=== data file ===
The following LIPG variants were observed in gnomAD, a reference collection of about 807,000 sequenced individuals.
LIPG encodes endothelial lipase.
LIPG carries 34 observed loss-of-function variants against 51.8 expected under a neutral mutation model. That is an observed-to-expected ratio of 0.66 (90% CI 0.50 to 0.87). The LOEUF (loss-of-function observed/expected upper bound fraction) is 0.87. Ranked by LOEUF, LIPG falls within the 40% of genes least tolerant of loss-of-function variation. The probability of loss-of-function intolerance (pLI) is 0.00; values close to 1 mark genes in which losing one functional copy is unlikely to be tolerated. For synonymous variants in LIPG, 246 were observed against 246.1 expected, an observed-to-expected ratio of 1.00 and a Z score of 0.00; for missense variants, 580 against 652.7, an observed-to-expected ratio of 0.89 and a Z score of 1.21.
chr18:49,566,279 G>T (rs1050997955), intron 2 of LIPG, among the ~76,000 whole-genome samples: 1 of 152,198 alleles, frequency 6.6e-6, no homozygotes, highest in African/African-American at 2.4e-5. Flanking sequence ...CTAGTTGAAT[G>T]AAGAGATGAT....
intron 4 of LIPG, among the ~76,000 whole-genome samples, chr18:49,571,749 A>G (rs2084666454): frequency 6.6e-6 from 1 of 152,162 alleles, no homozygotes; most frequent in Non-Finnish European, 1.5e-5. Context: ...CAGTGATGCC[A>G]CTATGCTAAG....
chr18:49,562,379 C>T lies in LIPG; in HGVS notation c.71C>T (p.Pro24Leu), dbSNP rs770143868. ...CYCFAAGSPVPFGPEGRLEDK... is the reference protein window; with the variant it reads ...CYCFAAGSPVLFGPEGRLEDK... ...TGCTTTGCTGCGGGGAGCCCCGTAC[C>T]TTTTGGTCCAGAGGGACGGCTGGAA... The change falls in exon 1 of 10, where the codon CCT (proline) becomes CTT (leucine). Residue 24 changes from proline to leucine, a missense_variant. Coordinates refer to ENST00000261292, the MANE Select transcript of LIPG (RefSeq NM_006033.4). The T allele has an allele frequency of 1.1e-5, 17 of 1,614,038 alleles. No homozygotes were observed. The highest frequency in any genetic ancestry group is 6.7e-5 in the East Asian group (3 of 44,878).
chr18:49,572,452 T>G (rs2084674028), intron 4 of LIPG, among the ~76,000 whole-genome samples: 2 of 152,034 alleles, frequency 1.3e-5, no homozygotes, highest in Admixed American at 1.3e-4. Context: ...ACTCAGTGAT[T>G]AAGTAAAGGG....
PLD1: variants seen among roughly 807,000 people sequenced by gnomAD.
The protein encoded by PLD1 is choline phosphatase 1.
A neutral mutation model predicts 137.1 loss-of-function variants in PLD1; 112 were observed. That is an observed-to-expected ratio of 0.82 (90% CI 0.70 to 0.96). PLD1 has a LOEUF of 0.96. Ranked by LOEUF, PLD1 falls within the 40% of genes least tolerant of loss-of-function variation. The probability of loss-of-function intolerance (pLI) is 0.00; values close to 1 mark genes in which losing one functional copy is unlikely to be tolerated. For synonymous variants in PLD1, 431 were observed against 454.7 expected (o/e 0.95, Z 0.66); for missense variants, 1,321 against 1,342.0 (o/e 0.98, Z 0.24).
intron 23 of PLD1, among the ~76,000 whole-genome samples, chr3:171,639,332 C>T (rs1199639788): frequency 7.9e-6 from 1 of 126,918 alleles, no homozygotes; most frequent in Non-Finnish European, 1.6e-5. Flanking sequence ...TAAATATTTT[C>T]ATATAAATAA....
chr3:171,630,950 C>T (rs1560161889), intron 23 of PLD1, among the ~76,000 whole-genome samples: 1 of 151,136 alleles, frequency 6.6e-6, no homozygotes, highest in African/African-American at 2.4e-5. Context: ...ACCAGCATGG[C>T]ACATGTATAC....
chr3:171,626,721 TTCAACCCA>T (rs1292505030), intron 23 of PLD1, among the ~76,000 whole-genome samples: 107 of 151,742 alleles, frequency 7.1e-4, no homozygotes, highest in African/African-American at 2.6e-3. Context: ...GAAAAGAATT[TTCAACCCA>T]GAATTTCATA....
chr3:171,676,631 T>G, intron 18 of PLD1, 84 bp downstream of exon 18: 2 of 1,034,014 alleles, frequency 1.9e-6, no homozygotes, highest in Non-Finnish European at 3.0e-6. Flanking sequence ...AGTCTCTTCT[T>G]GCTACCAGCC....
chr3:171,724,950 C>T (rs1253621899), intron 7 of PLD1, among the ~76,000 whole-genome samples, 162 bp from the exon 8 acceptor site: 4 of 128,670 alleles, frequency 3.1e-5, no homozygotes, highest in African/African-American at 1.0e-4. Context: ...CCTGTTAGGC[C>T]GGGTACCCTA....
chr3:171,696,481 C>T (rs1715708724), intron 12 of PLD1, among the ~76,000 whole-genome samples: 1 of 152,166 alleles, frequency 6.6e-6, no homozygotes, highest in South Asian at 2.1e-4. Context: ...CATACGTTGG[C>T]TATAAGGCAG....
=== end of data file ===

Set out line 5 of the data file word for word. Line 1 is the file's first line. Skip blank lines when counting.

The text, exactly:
intron 4 of LIPG, among the ~76,000 whole-genome samples, chr18:49,571,749 A>G (rs2084666454): frequency 6.6e-6 from 1 of 152,162 alleles, no homozygotes; most frequent in Non-Finnish European, 1.5e-5. Context: ...CAGTGATGCC[A>G]CTATGCTAAG....